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PostPosted: Fri Oct 19, 2012 7:17 am 
Spider Lady
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Burnley Express

Saturday 26 January 1895

A Story Of Fifty Years Ago

From The "History of Briercliffe And Extwistle"
[By Tattersall Wilkinson]

To rustic youths, he had no cause to yield,
A better workman never took the field,
Had not his failing been the death of hares,
Keeping a dog, and making nets and snares,
An evening long, he lengthened out his tales.

Then praised the persons who had brought his hares,
Forgot his wants, his miseries, and his cares,
Tho' old, infirm, and rack'd with many a pain,
He almost wished to pass such nights again.

* * * * * * * * * * * * * * * * * * * * *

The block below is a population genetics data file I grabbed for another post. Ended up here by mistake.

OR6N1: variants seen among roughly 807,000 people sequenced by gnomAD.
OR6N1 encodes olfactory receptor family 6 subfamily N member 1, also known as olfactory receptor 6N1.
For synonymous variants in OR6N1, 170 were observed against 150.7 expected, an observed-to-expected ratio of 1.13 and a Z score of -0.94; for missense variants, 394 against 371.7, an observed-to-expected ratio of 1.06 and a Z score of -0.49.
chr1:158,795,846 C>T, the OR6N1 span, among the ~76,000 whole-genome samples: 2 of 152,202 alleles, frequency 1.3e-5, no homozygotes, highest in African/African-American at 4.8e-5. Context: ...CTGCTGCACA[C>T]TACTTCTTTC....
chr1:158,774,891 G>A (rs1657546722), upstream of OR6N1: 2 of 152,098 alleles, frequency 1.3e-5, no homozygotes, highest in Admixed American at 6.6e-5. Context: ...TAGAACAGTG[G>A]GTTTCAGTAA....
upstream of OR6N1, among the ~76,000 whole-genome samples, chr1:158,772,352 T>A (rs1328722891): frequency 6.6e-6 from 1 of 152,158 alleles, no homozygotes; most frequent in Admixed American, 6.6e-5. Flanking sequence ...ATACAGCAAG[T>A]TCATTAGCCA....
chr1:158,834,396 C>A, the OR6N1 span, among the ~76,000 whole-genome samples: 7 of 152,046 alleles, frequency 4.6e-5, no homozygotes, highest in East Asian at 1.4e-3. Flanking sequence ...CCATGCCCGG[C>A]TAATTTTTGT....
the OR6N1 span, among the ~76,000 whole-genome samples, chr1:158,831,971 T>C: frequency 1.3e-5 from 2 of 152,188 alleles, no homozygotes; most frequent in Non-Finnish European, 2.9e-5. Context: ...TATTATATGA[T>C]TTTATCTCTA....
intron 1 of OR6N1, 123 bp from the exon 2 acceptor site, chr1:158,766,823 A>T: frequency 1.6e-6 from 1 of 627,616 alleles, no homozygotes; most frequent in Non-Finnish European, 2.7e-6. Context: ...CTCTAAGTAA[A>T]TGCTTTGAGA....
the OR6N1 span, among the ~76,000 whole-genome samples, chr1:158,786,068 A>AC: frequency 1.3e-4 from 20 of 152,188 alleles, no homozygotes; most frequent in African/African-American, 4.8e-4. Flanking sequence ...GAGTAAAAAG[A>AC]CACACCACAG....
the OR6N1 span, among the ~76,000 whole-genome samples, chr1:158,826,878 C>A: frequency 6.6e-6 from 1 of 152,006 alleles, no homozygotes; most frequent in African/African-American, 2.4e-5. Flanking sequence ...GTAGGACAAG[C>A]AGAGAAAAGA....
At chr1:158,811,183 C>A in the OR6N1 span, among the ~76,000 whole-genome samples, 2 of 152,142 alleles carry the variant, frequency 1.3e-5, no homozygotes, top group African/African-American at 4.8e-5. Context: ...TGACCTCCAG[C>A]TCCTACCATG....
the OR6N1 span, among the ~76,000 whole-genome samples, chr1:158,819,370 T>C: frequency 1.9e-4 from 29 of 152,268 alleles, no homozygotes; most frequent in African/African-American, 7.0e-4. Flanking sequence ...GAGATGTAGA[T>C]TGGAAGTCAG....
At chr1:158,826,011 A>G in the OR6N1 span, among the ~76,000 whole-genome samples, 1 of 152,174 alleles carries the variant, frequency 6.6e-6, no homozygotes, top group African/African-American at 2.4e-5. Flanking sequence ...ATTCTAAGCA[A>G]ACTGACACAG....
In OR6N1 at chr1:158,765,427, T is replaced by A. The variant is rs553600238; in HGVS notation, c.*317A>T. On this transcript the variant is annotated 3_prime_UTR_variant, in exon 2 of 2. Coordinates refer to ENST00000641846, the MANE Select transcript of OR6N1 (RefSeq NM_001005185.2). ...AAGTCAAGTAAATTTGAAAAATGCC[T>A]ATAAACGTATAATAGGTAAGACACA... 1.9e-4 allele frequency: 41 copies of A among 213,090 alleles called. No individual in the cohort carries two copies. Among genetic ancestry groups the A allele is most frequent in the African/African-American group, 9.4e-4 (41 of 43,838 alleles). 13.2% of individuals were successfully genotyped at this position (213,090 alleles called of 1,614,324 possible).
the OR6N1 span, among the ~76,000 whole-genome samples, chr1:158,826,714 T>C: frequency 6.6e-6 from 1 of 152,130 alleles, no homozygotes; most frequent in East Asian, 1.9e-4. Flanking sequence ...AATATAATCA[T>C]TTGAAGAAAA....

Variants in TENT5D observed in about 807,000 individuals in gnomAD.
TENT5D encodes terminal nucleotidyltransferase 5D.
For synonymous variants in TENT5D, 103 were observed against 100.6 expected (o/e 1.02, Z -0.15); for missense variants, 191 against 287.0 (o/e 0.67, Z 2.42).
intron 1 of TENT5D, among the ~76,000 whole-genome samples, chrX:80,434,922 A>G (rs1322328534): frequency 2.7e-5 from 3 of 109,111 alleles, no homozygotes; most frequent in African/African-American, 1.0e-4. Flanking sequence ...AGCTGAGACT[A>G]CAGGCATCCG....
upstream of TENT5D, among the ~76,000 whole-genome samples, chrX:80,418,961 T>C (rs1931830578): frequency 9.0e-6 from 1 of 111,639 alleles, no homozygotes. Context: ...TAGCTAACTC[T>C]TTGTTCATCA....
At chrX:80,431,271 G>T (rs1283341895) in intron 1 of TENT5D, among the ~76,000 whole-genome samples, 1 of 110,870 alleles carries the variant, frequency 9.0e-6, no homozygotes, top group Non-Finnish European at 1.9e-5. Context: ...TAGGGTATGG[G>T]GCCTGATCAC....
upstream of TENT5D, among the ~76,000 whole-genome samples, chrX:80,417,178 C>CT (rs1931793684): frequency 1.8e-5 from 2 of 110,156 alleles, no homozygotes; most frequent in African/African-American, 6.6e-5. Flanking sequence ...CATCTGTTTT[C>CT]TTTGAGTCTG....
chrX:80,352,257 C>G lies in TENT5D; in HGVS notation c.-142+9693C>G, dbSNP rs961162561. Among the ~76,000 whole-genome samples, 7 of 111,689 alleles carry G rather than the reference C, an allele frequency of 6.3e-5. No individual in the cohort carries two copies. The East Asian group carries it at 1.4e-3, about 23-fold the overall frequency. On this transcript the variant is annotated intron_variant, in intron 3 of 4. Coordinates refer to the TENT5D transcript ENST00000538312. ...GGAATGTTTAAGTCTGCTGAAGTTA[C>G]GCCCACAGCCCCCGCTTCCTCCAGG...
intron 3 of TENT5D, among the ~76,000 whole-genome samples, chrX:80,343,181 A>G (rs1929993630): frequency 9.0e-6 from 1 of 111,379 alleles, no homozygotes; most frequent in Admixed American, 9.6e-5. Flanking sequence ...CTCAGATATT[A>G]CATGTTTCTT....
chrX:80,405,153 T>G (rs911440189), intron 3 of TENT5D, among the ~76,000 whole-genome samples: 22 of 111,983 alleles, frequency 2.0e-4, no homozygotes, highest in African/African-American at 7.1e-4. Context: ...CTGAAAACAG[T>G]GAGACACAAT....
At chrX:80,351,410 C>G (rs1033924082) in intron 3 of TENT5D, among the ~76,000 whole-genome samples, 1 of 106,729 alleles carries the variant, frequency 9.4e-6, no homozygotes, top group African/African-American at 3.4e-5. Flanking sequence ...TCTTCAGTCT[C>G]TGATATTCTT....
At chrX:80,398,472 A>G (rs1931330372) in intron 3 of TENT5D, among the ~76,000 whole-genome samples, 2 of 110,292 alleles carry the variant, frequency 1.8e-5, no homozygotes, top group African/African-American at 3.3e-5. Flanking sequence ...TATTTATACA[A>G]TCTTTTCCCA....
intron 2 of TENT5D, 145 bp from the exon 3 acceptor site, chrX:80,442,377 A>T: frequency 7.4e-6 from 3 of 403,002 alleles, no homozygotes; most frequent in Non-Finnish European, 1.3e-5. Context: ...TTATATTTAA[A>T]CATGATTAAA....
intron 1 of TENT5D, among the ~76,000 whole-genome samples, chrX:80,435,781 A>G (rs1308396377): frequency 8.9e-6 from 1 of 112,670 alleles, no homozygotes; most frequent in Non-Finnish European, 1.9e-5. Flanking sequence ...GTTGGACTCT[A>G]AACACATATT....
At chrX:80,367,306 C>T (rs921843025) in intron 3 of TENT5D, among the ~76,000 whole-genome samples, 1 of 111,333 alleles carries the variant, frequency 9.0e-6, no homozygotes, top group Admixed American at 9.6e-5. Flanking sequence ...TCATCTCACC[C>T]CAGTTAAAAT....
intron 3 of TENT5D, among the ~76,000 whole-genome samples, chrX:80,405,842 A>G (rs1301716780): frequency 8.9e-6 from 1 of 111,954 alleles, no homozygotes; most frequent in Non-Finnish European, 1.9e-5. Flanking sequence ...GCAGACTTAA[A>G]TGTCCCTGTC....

John Walton or "Jack," as he was commonly called by his neighbours, the subject of the following memoir, was born and reared on a farm in Black House-lane - a sequestered district in the township of Briercliffe, about a mile east of Haggate. He was one of a numerous stock of "Buirdly chiels and clever lassies," whose ancestors belonged to a good old English race of "Natural Hunters" - or poachers as they are vulgarly called. His father, old Tom Walton, was a fine athletic specimen of humanity, a representative of a race which is fast disappearing in these degenerate days of cotton mills and sheds. Two of Old Tom's brothers entered the army when young. James enlisted in the Foot Guards, and died in London, while John served his country as a cavalry soldier in the Royal Oxford Blues, and took part in the ever memorable charge against the French Cuirassiers at the close of the battle of Waterloo in 1815. He finally retired with a pension, and died at his native village of Haggate.